ES: As soon as I knew I would spend my life making dances, I knew I wanted a family of dancers to share them with. When I lived in New York, another choreographer and I put together the first version of collidEdance. We had an incredible debut show…and then we all went our separate ways. I moved back to Los Angeles and found myself surrounded by a group of strong, beautiful movers who really pulled the best out of me and of each other. So I decided to put a new family together. Now collidEdance has a revolving door. Folks move away, book jobs or go back to school, and new friends come into our lives from all over the world. This year, there will be almost 30 dancers involved in our annual show—the most ever!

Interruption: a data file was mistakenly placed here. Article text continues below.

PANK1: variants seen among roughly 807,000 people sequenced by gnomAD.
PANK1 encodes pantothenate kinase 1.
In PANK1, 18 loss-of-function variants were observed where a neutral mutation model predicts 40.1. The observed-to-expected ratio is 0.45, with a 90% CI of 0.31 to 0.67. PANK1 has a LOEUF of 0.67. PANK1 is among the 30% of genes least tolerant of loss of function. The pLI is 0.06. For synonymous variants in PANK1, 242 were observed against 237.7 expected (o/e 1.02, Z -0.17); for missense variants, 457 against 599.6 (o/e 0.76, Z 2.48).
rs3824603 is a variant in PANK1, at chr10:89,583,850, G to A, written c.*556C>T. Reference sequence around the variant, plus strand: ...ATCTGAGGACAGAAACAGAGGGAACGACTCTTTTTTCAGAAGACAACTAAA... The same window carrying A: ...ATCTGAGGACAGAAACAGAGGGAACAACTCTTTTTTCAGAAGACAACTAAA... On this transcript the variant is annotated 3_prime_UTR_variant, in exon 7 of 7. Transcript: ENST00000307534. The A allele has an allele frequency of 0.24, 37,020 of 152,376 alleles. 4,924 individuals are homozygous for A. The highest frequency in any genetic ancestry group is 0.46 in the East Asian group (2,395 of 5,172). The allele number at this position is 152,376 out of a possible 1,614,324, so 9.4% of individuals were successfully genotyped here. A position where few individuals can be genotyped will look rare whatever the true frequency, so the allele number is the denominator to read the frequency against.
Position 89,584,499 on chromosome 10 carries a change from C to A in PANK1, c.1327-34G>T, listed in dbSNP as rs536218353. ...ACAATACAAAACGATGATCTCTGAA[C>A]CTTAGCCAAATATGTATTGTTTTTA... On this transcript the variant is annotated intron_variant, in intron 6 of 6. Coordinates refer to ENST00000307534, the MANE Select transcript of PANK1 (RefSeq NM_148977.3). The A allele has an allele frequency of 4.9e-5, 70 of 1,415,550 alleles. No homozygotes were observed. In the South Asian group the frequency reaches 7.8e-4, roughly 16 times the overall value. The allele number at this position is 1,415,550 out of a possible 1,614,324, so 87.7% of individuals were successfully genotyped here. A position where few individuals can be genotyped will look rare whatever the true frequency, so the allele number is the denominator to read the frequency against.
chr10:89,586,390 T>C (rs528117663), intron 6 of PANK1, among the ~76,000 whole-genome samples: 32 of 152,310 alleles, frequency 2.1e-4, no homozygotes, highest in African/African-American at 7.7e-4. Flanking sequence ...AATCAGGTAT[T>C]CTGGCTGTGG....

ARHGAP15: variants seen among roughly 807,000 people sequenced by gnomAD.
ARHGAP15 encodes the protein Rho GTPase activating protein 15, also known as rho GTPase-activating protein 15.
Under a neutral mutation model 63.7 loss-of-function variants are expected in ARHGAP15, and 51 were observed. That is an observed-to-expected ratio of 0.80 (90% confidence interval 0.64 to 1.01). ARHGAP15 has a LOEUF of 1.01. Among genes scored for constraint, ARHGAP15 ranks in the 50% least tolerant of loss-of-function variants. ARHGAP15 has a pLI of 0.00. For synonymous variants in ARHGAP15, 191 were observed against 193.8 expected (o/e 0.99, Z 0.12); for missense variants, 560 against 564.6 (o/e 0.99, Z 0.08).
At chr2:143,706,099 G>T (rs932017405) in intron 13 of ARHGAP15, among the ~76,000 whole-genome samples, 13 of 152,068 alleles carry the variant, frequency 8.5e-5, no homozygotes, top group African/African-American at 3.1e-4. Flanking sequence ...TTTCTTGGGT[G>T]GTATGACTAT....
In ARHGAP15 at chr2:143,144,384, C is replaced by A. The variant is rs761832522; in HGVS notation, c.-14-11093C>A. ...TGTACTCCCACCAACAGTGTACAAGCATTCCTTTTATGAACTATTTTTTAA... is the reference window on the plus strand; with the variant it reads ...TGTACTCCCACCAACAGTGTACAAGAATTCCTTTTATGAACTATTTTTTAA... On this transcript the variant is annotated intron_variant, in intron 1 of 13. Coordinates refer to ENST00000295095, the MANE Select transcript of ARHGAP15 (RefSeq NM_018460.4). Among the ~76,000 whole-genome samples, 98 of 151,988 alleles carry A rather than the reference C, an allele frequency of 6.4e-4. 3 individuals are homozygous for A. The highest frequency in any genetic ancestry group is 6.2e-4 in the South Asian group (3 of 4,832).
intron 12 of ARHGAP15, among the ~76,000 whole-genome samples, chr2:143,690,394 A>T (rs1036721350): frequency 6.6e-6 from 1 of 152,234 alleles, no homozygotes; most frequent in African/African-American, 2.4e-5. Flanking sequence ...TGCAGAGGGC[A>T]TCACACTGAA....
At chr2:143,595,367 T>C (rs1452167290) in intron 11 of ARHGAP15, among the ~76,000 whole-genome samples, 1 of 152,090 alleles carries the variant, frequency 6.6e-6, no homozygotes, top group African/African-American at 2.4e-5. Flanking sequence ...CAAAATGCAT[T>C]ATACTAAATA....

DS: How would you describe your company’s style?
ES: Unique, strange, dynamic. human, interpretive, funny, sexy, alive.

DS: What’s your choreography process like? Do you plan beforehand? Is the music a driving factor?
ES: I almost always go into the studio with an assistant. These days, I work with the most beautiful man, Morgan Burke, an insanely inspiring mover and really sharp creative mind. Music is the driving factor. Usually a new song will remind me of an experience I’ve always wanted to make work about, or an old song will suddenly line up with a current life-issue. For a rehearsal, I always arrive with lots of ideas, but very few specific movements. Morgan sticks to my side as I build the work on the dancers, playing around with shapes and formations and trying lifts that I’ve imagined. I always allow for bits of improvisation by the dancers and then we pick and choose what works and what doesn’t. The process is collaborative, but I’m definitely in charge.

DS: What are some of the challenges and rewards you’ve faced running a company?